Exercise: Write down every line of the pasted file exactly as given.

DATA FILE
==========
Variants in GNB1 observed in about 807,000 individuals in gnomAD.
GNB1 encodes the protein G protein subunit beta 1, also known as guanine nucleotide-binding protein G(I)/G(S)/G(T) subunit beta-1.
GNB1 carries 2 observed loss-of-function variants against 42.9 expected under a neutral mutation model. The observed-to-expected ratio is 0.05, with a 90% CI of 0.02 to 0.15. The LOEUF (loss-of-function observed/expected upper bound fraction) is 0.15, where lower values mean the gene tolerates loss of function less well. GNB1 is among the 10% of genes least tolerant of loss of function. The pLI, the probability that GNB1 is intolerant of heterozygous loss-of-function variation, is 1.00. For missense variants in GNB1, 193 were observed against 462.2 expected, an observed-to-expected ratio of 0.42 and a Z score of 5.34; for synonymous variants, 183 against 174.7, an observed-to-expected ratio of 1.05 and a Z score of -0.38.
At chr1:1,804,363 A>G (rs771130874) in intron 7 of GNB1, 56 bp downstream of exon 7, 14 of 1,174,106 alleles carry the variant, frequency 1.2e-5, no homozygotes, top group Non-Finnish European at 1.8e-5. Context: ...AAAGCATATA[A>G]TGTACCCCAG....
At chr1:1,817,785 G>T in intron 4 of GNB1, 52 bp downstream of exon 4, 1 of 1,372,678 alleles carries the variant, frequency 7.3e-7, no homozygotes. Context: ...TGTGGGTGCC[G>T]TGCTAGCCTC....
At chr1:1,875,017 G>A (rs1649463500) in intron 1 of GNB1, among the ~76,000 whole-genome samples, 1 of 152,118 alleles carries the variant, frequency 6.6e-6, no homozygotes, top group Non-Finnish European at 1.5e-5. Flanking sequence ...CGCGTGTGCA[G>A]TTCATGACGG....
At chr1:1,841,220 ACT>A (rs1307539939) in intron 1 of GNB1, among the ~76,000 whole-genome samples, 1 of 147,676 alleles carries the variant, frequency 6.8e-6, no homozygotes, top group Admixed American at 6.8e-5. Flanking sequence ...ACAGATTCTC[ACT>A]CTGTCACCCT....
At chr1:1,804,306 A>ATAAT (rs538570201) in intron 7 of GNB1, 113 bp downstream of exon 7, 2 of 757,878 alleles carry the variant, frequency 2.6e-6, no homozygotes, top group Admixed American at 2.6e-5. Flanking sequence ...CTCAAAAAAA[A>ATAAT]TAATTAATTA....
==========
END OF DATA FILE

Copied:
Variants in GNB1 observed in about 807,000 individuals in gnomAD.
GNB1 encodes the protein G protein subunit beta 1, also known as guanine nucleotide-binding protein G(I)/G(S)/G(T) subunit beta-1.
GNB1 carries 2 observed loss-of-function variants against 42.9 expected under a neutral mutation model. The observed-to-expected ratio is 0.05, with a 90% CI of 0.02 to 0.15. The LOEUF (loss-of-function observed/expected upper bound fraction) is 0.15, where lower values mean the gene tolerates loss of function less well. GNB1 is among the 10% of genes least tolerant of loss of function. The pLI, the probability that GNB1 is intolerant of heterozygous loss-of-function variation, is 1.00. For missense variants in GNB1, 193 were observed against 462.2 expected, an observed-to-expected ratio of 0.42 and a Z score of 5.34; for synonymous variants, 183 against 174.7, an observed-to-expected ratio of 1.05 and a Z score of -0.38.
At chr1:1,804,363 A>G (rs771130874) in intron 7 of GNB1, 56 bp downstream of exon 7, 14 of 1,174,106 alleles carry the variant, frequency 1.2e-5, no homozygotes, top group Non-Finnish European at 1.8e-5. Context: ...AAAGCATATA[A>G]TGTACCCCAG....
At chr1:1,817,785 G>T in intron 4 of GNB1, 52 bp downstream of exon 4, 1 of 1,372,678 alleles carries the variant, frequency 7.3e-7, no homozygotes. Context: ...TGTGGGTGCC[G>T]TGCTAGCCTC....
At chr1:1,875,017 G>A (rs1649463500) in intron 1 of GNB1, among the ~76,000 whole-genome samples, 1 of 152,118 alleles carries the variant, frequency 6.6e-6, no homozygotes, top group Non-Finnish European at 1.5e-5. Flanking sequence ...CGCGTGTGCA[G>A]TTCATGACGG....
At chr1:1,841,220 ACT>A (rs1307539939) in intron 1 of GNB1, among the ~76,000 whole-genome samples, 1 of 147,676 alleles carries the variant, frequency 6.8e-6, no homozygotes, top group Admixed American at 6.8e-5. Flanking sequence ...ACAGATTCTC[ACT>A]CTGTCACCCT....
At chr1:1,804,306 A>ATAAT (rs538570201) in intron 7 of GNB1, 113 bp downstream of exon 7, 2 of 757,878 alleles carry the variant, frequency 2.6e-6, no homozygotes, top group Admixed American at 2.6e-5. Flanking sequence ...CTCAAAAAAA[A>ATAAT]TAATTAATTA....